WYE Valley sailor Eric Froggatt and his crew mates sailed into Seattle in triumph last week as their boat won the longest leg of the Round the World Clipper Race across the North Pacific Ocean, from China to the US.

Victory by nearly a day in 25 days 19 hours was Ha Long Bay, Vietnam's, fourth win in the global race, and saw them leap to second on the leaderboard after playing their joker and doubling their 11 points.

Eric - co-founder of Monmouth-based business Siltbuster and a member of Monmouth Rowing Club – is going the whole way round the world in the 40,000 nautical-mile race, with the 11 yachts skippered by a professional, but crewed by amateur sailors.

Eric Froggatt, back row far left, and the Ha Long Bay, Vietnam, crew celebrate victory in Seattle
Eric Froggatt, back row far left, and the Ha Long Bay, Vietnam, crew celebrate victory in Seattle (Clipper Round the World Race)

Also making the whole trip is former Monmouth School student Angus Whitehead, 21, the youngest professional sailor in the race as the first mate on Yacht Club Punta del Este.

After 27 days and nine hours of racing, they finished fifth early on Wednesday morning after a near dead-heat, overall race leader Perseverance pipping them for fourth by just four seconds.

And former senior Metropolitan Police officer-turned professional sailor David Hartshorn, who comes from Kilgwrrwg near Chepstow, skippered Bezekela home in 11th on Thursday after being hampered by a loss of wind data – to complete Race 10 in 28 days 14 hours.

Eric's boat had already won the 4,700nm Cape Town to western Australia Roaring 40s leg, followed by taking the next 2,500nm leg as well around South Australia to New South Wales.

They tripled up by taking the 600nm Sprint from their 'home port' of Ha Long Bay to Zhuhai in China.

Eric Froggatt celebrates on board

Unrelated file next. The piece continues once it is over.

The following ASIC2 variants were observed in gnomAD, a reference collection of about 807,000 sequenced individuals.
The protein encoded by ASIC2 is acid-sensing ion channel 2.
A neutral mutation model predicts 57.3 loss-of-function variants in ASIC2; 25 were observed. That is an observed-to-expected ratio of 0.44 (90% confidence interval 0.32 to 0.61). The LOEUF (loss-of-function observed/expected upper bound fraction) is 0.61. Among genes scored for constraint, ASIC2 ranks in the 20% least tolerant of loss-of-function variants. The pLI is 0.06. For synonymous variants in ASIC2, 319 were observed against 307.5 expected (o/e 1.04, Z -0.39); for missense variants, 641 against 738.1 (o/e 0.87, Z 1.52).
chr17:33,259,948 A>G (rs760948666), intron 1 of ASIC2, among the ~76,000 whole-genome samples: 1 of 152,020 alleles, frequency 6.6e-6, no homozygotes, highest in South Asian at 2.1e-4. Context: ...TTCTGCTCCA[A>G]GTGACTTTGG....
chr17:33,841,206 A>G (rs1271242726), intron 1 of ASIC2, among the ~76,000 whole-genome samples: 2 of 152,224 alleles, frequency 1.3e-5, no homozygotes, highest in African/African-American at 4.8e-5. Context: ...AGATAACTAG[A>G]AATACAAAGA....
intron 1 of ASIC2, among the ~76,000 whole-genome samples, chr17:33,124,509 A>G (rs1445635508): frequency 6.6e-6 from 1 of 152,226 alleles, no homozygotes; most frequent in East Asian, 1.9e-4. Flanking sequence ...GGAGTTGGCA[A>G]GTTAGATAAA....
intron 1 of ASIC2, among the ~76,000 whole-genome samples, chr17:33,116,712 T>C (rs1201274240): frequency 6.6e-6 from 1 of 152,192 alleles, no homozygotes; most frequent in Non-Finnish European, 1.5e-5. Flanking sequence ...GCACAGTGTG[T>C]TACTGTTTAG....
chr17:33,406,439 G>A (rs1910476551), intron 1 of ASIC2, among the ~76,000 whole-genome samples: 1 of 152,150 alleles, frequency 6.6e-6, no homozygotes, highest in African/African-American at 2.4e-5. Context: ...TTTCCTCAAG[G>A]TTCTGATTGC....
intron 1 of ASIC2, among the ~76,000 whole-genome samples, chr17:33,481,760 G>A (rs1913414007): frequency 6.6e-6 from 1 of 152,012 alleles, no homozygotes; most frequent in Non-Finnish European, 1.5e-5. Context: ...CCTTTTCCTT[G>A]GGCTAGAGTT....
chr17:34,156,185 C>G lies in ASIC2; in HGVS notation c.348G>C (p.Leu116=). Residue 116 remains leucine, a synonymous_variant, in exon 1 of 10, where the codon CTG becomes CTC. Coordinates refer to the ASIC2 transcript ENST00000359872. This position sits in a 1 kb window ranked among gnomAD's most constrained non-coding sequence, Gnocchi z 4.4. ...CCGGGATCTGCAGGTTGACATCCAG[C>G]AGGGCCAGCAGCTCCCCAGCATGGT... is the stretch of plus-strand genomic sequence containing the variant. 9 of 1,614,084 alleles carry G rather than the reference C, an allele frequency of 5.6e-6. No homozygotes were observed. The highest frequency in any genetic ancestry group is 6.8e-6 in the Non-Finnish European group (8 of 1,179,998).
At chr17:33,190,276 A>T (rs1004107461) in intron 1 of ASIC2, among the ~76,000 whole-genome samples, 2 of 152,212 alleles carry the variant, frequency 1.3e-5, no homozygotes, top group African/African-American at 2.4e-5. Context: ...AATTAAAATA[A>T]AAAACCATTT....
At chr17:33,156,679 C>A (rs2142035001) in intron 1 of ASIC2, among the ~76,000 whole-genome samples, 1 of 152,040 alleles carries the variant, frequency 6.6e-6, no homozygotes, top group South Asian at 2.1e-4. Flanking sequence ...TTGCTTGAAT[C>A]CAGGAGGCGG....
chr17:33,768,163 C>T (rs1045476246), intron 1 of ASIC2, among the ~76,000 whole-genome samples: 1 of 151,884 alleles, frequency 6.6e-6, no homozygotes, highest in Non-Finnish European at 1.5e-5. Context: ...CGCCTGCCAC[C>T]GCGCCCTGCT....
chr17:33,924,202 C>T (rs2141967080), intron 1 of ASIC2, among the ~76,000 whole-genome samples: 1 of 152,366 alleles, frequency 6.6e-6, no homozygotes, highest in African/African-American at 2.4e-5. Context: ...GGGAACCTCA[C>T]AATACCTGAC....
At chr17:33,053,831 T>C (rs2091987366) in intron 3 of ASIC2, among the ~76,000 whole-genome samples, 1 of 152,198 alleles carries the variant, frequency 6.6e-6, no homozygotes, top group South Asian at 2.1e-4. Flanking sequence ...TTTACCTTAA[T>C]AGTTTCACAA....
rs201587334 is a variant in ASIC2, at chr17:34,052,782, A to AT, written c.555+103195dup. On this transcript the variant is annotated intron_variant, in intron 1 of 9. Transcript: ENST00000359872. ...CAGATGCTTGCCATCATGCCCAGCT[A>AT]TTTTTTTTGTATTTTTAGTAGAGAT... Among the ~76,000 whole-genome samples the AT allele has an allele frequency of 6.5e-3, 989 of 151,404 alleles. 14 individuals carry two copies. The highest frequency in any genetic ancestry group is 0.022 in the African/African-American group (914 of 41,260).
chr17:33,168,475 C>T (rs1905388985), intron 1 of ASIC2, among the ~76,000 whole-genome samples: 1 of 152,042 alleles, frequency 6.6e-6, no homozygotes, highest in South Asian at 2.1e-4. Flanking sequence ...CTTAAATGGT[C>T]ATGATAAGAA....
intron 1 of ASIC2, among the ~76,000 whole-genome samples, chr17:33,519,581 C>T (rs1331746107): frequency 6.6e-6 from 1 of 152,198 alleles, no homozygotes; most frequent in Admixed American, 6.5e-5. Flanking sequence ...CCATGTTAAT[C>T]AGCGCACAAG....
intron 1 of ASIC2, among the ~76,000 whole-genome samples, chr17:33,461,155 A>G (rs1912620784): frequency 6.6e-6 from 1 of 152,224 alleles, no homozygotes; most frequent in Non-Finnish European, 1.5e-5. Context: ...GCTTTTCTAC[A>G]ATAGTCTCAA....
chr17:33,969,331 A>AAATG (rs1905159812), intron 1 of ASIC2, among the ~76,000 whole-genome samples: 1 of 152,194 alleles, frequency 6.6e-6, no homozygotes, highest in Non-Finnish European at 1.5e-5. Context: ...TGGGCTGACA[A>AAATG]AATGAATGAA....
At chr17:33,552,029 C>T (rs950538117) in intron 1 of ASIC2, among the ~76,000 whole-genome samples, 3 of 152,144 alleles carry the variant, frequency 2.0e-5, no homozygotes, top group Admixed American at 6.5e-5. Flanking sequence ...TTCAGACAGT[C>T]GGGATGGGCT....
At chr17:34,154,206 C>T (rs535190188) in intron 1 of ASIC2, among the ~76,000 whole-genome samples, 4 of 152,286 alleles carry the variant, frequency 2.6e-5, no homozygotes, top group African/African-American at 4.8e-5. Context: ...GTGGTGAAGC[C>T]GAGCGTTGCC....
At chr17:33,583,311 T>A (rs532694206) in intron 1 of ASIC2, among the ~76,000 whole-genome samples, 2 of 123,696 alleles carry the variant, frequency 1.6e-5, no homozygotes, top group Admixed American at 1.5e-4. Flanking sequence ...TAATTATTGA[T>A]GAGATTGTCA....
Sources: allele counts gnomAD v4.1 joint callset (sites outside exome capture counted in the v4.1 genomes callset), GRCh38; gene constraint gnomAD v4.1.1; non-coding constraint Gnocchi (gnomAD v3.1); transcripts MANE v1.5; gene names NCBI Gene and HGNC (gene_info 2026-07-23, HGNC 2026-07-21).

Eric Froggatt celebrates on board (Round the World Clipper Race)

And with stand-in skipper Bob Beggs taking over from Josh Stickland for the leg, they soon zoomed clear of the fleet to win the hardest and most epic ocean crossing of the circumnavigation by a near-150 mile margin a week last Monday.

The team also added a further three points after a Scoring Gate win, taking them within five points of race leader Perseverance.

All the crews endured freezing temperatures, big low-pressure systems, and the challenges of living on board a stripped back 70-foot racing yacht for a lengthy time in testing seas.

Stand-in skipper Bob said: “What an absolute pleasure and honour to race across the mighty North Pacific Ocean (in winter) with such a focused and determined team. This race provides many challenges, and the Ha Long Bay team met them all with courage and always with cheery smiles, great attitude and purpose.

“My thanks to Josh Stickland for developing a strong group of individuals into an efficient racing team.

"Also thank you to Cameron McCracken, First Mate, for holding my hand and keeping the racing spirit alive.”

While Eric and his crew mates finished well ahead, followed by Qingdao in 26 days 17 hours, third to 10th remarkably all finished within 42 minutes of each other after a night of intense racing.

And after bringing the fleet home the following day, Bekezela skipper David Hartshorn said: “Why would you cross that ocean more than once! A long, hard endurance race and I am very proud of what the crew have achieved.

"We had a safe crossing, a few low-level battle scars that you would expect after such an undertaking... The team coped brilliantly without any wind data for the entire race.”

The Clipper fleet, which set off from Portsmouth last September, will be off again later this week on the next leg to the Panama Canal.

Keep up with their progress at www.clipperroundtheworld.com